Doomsday Clock stuck at 100 seconds to midnight
After last year’s climate disasters, and U.S. diplomacy on the brink with China and Russia, we’re lucky it isn’t worse.
. . . . The Bulletin of the Atomic Scientists, a non-profit founded 75 years ago by Albert Einstein, set its annual Doomsday Clock this morning at 100 seconds to midnight, the same as it’s been since 2020.
Given the threatening rise in climate disasters last year and the fact that U.S. diplomacy is currently on the brink with both Russia and China, we’re lucky it wasn’t worse. But 100 seconds is still dangerously close.
The announcement by Dr. Rachel Bronson, CEO of the Bulletin, and science blogger Hank Green, is the annual wake-up call from the science community and is taken seriously by media and government. I’ve gotten to know Bronson and some of her team as part of my climate work and found that the Bulletin issued one of the early warning signs about climate change decades ago.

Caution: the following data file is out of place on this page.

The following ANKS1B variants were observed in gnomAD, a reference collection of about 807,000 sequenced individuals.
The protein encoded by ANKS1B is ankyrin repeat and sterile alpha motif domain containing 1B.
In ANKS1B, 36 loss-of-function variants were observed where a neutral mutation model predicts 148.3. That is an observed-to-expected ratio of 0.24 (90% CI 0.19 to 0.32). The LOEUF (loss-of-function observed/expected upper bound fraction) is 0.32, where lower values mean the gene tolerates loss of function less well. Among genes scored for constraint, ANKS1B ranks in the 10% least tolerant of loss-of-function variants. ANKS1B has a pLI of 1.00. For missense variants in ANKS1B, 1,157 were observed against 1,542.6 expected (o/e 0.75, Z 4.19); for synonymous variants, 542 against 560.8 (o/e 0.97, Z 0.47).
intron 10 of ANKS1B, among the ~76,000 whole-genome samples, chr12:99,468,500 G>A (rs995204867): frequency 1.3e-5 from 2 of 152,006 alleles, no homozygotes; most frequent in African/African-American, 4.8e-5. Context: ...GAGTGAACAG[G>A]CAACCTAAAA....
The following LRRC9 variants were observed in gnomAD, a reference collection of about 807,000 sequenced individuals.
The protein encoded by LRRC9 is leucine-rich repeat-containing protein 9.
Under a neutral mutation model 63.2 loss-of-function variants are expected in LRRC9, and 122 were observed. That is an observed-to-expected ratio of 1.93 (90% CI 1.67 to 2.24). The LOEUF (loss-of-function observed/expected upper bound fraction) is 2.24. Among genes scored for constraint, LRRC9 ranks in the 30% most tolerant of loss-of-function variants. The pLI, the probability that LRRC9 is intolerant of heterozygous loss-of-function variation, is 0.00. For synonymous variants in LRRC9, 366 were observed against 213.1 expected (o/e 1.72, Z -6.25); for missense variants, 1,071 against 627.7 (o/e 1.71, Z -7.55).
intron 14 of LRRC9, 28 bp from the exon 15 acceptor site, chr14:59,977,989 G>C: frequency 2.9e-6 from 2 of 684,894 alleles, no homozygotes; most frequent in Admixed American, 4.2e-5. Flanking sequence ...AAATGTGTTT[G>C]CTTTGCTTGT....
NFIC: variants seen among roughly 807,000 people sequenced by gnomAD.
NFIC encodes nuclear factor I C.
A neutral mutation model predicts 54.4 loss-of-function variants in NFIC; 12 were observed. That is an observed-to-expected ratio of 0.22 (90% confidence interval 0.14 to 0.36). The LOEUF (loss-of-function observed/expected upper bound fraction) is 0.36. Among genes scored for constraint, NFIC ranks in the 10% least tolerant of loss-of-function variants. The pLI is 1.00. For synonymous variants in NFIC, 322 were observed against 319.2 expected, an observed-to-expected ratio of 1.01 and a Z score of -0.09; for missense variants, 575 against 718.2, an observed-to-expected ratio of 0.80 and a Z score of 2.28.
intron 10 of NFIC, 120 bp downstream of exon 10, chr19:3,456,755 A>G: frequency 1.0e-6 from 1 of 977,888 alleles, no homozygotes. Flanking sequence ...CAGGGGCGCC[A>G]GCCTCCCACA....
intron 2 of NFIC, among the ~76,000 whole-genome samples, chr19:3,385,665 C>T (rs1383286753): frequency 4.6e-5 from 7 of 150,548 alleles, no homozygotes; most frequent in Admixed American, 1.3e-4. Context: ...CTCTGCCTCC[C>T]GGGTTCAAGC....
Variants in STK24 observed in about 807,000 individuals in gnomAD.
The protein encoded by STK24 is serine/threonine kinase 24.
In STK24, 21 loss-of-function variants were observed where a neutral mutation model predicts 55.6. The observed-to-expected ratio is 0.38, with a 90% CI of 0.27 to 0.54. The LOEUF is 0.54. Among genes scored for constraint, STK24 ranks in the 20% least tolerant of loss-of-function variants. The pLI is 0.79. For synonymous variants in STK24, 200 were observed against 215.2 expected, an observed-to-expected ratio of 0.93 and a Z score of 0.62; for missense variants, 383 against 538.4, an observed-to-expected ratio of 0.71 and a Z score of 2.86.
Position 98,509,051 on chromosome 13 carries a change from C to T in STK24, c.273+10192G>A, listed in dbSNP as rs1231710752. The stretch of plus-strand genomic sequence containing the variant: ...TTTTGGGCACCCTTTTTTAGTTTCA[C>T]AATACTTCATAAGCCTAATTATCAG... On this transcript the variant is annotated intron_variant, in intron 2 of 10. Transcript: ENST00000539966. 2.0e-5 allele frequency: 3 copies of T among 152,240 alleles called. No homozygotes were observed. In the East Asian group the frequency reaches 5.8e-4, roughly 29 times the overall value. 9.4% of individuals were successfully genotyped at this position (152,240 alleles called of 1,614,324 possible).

Now that it is upon us, with 2022 already starting with major heat emergencies in South America and Australia, the work of the Bulletin is more important than ever. Not since the Cold War have we been in such a standoff with Russia. And China’s threat to Taiwan is real.
But it is the climate warnings that I take most seriously. Diplomacy can often prevail but global warming is going to move that clock closer and soon if we can’t agree on technologies and government programs to decarbonize our economies. It’s on this Doomsday Clock announcement day each year that I wonder what Einstein would say. . . .